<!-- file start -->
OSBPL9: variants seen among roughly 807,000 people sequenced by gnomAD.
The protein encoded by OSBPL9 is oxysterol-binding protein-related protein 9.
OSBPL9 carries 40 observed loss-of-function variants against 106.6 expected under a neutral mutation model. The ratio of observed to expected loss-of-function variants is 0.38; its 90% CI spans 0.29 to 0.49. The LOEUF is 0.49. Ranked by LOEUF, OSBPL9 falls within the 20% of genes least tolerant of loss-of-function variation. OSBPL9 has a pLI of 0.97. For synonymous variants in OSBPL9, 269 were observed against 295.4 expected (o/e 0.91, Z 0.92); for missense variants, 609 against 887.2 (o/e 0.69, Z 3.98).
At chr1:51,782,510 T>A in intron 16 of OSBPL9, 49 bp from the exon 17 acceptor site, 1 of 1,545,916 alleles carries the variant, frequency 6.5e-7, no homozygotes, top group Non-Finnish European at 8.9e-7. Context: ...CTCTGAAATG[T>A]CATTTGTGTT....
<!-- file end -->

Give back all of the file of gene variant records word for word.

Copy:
OSBPL9: variants seen among roughly 807,000 people sequenced by gnomAD.
The protein encoded by OSBPL9 is oxysterol-binding protein-related protein 9.
OSBPL9 carries 40 observed loss-of-function variants against 106.6 expected under a neutral mutation model. The ratio of observed to expected loss-of-function variants is 0.38; its 90% CI spans 0.29 to 0.49. The LOEUF is 0.49. Ranked by LOEUF, OSBPL9 falls within the 20% of genes least tolerant of loss-of-function variation. OSBPL9 has a pLI of 0.97. For synonymous variants in OSBPL9, 269 were observed against 295.4 expected (o/e 0.91, Z 0.92); for missense variants, 609 against 887.2 (o/e 0.69, Z 3.98).
At chr1:51,782,510 T>A in intron 16 of OSBPL9, 49 bp from the exon 17 acceptor site, 1 of 1,545,916 alleles carries the variant, frequency 6.5e-7, no homozygotes, top group Non-Finnish European at 8.9e-7. Context: ...CTCTGAAATG[T>A]CATTTGTGTT....